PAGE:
Life Prin­ci­ples by In­jap Sia

IN­JAP IS BEST KNOWN FOR BE­ING THE MAN BE­HIND MANG INASAL, ONE OF THE MOST SUC­CESS­FUL FILIPINO BRANDS IN MOD­ERN BUSI­NESS HIS­TORY.

Esquire (Philippines) - - NOTES & ESSAYS - Pho­to­graphs by NOR­MAN JEAN ROY

He’s the face of tele­vi­sion’s most ob­sessed-over show. His hair alone has more fans than most ac­tors. But as Game of Thrones en­ters its sec­ond-to-last sea­son, KIT HARINGTON faces a dilemma:

To en­ter the next phase of his ca­reer, must he leave Jon Snow be­hind? By Lo­gan Hill

it Harington has bob­ble­heads on the brain. “I have to ap­prove a new one ev­ery day,” he says. “I’m not jok­ing. I’m asked, ‘Are you happy with how this looks?’ I’m like, ‘It’s a fuck­ing bob­ble­head—what do you want me to say?’ ”

To be fair to the prod­uct de­sign­ers, cap­tur­ing in plas­tic the hir­sute at­tributes that have be­come the ob­ses­sion of Harington’s many mil­lions of fans prob­a­bly re­quires a level of at­ten­tion re­served for con­ser­va­tors at the Lou­vre. And soon they’ll no longer have a live model: Harington is count­ing down the days un­til he can get a proper shave and a hair­cut. The time, as it hap­pens, has nearly come: He has one last shoot day for the sev­enth and penul­ti­mate sea­son of Game of Thrones, in Belfast, North­ern Ire­land. For now, the scruffy face of one of pop cul­ture’s defin­ing fran­chises is sit­ting across from me in a back booth at a restau­rant in New York’s East Vil­lage. He ar­rived smelling faintly of a freshly smoked ci­garette and wear­ing celebrity cam­ou­flage: thick-frame glasses and a base­ball cap, which is do­ing its mea­ger best to con­tain his un­ruly jet-black mop.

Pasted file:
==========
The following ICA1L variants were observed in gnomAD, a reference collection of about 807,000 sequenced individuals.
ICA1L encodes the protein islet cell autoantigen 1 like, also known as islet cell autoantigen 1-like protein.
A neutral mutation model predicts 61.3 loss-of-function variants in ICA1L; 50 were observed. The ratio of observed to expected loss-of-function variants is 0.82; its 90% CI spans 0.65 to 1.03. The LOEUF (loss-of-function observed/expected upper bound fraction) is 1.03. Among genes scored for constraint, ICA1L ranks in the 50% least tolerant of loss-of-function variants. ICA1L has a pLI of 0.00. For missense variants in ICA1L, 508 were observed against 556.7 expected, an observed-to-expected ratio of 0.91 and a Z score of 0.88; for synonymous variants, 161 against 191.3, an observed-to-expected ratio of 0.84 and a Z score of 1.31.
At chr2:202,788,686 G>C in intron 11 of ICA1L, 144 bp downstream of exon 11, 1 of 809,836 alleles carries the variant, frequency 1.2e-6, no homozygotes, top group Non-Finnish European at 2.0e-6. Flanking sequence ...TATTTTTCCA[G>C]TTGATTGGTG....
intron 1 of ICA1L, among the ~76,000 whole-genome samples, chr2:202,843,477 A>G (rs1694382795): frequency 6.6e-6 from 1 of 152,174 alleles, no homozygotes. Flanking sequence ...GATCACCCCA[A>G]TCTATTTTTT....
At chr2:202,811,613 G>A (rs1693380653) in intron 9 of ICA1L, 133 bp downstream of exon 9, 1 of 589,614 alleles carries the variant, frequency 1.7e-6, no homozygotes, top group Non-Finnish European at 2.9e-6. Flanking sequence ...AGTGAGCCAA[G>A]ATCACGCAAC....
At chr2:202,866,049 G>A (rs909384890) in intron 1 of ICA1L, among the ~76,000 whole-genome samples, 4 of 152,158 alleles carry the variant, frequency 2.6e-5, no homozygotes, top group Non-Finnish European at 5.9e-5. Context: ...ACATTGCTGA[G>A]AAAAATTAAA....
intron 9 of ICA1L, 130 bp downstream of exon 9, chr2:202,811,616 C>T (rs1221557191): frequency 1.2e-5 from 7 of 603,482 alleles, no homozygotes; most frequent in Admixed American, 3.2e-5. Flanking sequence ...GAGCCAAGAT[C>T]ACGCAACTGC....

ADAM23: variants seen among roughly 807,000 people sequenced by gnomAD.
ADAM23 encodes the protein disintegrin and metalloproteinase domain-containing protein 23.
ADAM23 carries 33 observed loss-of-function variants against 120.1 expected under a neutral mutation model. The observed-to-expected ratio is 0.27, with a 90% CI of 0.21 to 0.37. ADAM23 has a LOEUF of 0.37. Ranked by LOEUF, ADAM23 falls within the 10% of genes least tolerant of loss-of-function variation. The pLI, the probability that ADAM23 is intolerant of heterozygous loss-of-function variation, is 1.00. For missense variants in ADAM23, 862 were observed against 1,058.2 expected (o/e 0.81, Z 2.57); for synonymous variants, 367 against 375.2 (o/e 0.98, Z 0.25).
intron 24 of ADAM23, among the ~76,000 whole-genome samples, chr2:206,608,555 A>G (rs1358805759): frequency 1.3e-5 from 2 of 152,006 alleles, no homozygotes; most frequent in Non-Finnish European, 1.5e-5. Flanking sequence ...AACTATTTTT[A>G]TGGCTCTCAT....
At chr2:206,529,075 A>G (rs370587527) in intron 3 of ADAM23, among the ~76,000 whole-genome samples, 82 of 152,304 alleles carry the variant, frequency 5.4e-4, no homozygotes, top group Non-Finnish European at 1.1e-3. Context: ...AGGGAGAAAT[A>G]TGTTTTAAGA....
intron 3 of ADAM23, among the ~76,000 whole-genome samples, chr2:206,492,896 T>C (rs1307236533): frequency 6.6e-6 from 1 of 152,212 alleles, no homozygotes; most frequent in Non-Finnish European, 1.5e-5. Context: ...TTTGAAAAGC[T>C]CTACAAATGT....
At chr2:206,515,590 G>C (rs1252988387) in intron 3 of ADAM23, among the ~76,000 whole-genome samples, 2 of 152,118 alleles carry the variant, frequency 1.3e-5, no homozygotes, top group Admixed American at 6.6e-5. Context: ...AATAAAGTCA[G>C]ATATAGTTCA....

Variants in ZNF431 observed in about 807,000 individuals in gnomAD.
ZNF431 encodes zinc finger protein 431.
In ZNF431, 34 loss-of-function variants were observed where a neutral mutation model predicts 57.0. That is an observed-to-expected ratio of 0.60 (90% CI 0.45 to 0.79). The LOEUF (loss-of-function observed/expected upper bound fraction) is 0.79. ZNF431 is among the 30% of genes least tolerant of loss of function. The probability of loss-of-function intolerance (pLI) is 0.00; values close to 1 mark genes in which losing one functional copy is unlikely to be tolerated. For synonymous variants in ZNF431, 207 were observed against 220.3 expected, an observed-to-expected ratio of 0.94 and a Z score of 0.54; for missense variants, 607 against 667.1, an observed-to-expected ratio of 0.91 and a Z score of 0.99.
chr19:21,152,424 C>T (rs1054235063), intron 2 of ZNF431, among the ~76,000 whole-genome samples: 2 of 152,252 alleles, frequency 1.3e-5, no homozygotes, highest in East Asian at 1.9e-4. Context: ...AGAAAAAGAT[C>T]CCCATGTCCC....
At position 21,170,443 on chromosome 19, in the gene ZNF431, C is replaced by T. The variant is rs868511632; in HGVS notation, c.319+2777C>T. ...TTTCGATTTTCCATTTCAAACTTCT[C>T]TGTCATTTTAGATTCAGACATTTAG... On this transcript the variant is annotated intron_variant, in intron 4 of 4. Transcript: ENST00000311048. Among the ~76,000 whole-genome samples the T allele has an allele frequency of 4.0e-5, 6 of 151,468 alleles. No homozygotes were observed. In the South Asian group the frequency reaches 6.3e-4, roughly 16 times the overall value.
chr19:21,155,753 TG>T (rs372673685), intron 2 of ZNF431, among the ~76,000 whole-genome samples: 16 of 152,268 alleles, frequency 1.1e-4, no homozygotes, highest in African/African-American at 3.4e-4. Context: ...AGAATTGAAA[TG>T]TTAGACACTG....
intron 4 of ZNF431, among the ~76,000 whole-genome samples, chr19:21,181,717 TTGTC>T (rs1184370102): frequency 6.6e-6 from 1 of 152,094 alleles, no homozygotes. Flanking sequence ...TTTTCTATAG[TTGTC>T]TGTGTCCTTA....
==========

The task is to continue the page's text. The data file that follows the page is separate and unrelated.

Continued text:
The hair will soon dis­ap­pear, along with, in 2018, the show that made Harington fa­mous. But what will live on is the out­sized, tor­mented spirit of Jon Snow, the frost­bit­ten hero he’s played for the bet­ter part of a decade: the brood­ing bas­tard prince who’s lost ev­ery­one clos­est to him; who was stabbed to death at the end of sea­son five and then res­ur­rected in sea­son six; and who will con­front the pos­si­ble an­ni­hi­la­tion of ev­ery liv­ing thing in sea­son seven.

Harington un­der­stands that his like­ness will be mass-pro­duced and hawked while the suits still have the chance to make a buck. But time is run­ning out. “With­out say­ing whether I make it to the last sea­son,” he says, de­spite wide­spread re­ports that HBO ex­tended his con­tract at $1.1 mil­lion per episode through the fi­nal thir­teen episodes—seven this sea­son, six in the next—“we’ve been try­ing to say good­bye to the show this year.” That means say­ing good­bye to Jon Snow, too.

Not that he’s re­veal­ing any vul­nera­bil­ity. For most of our con­ver­sa­tion, he’s af­fa­ble, loose-limbed. His con­fi­dent de­meanor cracks just once, when he re­luc­tantly agrees to show me some of the hun­dreds of on-set pho­tos he’s taken as part­ing me­men­tos. He reaches for his leather cam­era satchel, blanches, and leaps out of the booth; he can’t find the bag. His eyes go wide; he bends over like a fold­ing knife and sticks his head un­der­neath our ta­ble, then rights him­self and swivels around to in­spect the booth be­hind us. His panic isn’t just from a fear of lost mem­o­ries: If leaked, the im­ages could make their way online and lead to dev­as­tat­ing spoil­ers. He fi­nally finds the cam­era on a nearby chair nes­tled against the wall. “Oh, thank fuck!” he says, the ten­sion in his com­pact frame dis­solv­ing like he­lium from a bal­loon.